New Blog Post: An excerpt from “A Movable Feast” by Ernest Hemingway

4631Though I am complete acknowledgment that Ernest Hemingway was a great author, I myself have never been broadly attracted to his work. However, I came across this excerpt recently and was drawn to it so I read the book as it’s brief and felt wily. I was drawn to this excerpt because I have always been curious about those who draw people to them and those who are those drawn in. I have, in the past been drawn in to charismatic people; not always happy ones but ones that had a certain energy that I wanted to be a part of. Some of those relationships were healthy, others weren’t. The key was knowing my place and not getting lost. Here is an excerpt from Hemingway’s “A Movable Feast”

“When you have two people who love each other, are happy and gay and really good work is being done by one or both of them, people are drawn to them as surely as migrating birds are drawn at night to a powerful beacon. If the two people were as solidly constructed as the beacon there would be little damage except to the birds. Those who attract people by their happiness and their performance are usually inexperienced. They do not know how not to be overrun and how to go away. They do not always learn about the good, the attractive, the charming, the soon-beloved, the generous, the understanding rich who have no bad qualities and who give each day the quality of a festival and who, when they have passed and taken the nourishment they needed, leave everything deader than the roots of any grass Attila’s horses’ hooves have ever scoured.”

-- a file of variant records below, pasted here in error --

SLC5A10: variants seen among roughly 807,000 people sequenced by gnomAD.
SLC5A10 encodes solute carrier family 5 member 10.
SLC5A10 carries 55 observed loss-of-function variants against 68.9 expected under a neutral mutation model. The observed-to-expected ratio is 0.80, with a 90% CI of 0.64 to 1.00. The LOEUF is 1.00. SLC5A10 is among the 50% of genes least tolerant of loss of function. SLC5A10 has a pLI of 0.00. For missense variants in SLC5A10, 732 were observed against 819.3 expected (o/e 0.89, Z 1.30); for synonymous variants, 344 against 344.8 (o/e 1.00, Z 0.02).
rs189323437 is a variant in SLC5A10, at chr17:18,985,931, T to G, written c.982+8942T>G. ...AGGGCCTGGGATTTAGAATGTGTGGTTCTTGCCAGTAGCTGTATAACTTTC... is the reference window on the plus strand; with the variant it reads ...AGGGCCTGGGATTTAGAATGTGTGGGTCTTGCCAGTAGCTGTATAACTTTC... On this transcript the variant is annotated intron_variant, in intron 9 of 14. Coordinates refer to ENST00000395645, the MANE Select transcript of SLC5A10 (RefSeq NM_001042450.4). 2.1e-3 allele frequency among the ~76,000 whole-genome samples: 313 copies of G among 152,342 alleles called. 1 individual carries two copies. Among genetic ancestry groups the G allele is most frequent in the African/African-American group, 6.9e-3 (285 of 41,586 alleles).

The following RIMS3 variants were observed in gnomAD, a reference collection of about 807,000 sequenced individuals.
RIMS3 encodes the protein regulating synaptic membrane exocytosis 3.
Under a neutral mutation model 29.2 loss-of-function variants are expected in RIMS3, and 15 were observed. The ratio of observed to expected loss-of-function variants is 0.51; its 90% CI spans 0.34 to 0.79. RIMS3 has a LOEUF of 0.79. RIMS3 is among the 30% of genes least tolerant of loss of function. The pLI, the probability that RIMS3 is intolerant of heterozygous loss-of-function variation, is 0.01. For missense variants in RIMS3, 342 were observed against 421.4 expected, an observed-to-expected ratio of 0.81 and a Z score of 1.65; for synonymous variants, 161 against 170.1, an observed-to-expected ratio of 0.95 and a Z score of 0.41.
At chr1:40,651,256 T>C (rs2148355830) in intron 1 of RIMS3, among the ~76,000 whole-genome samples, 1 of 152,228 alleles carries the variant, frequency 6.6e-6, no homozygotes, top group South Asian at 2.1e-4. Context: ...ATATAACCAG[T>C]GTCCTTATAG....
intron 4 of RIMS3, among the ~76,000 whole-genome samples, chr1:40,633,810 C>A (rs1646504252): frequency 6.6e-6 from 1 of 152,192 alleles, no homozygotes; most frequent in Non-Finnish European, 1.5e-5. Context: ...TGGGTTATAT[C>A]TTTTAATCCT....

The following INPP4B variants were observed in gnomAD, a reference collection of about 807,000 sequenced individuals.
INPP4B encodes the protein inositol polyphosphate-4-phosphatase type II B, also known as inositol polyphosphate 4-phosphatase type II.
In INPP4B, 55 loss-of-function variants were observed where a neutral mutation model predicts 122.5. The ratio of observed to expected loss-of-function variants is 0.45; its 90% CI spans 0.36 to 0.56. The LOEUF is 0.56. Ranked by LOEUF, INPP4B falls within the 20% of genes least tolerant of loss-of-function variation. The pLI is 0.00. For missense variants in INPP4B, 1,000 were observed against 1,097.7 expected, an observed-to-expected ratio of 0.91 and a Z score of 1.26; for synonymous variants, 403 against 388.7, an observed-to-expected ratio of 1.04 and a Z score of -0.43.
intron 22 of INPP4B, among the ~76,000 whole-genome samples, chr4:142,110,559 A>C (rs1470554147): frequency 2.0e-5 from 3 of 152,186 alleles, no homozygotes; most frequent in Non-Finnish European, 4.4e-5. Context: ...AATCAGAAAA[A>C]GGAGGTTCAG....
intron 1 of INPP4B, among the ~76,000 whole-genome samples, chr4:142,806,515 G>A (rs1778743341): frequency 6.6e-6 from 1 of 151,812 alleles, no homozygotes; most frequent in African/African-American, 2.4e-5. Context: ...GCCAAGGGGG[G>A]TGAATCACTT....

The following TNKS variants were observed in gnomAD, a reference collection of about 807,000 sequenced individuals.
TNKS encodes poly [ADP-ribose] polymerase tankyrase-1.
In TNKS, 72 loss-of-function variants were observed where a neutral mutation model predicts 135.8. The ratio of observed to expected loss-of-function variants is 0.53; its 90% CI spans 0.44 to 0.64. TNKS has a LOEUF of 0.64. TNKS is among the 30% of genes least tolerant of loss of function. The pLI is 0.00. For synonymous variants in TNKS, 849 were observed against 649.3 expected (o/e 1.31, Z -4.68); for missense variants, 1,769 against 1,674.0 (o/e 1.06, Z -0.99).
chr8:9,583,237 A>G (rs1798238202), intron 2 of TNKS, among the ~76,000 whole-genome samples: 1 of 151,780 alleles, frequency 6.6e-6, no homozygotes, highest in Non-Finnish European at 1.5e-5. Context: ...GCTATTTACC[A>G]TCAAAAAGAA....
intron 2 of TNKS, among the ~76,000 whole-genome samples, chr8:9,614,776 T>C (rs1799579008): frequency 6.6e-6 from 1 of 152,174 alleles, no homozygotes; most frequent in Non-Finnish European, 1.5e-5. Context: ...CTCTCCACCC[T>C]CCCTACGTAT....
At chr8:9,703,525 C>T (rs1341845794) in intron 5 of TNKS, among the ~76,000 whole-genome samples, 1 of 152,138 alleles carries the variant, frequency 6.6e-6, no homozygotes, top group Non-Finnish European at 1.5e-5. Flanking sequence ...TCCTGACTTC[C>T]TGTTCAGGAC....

Published posthumously in 1964, “A Movable Feast” depicts Hemingway’s life in Paris from 1921 to 1926. Although the book is clearly autobiographical, in the Preface, Hemingway, after explaining that several items were left out of his memoir, then suggests that “If the reader prefers, this book may be regarded as fiction” and adds, “But there is always the chance that such a book of fiction may throw some light on what has been written as fact.” So it would seem – Rather than the often vain, self-centered, and troubled person that Hemingway was, he presents a smoothed over, patient, loyal, and often loving version of himself. the indulgence is overwhelming and more than a few reviews noted, “If you want to read a book by someone who lost his shit and knew he lost it spectacularly, this be the one. This is Hemingway kicking his own ass, and thus, a lesson to us all.”

EH 5738P Ernest Hemingway, Paris, circa 1924. Photograph in the Ernest Hemingway Photograph Collection, John Fitzgerald Kennedy Library, Boston.
EH 5738P Ernest Hemingway, Paris, circa 1924. Photograph in the Ernest Hemingway Photograph Collection, John Fitzgerald Kennedy Library, Boston.

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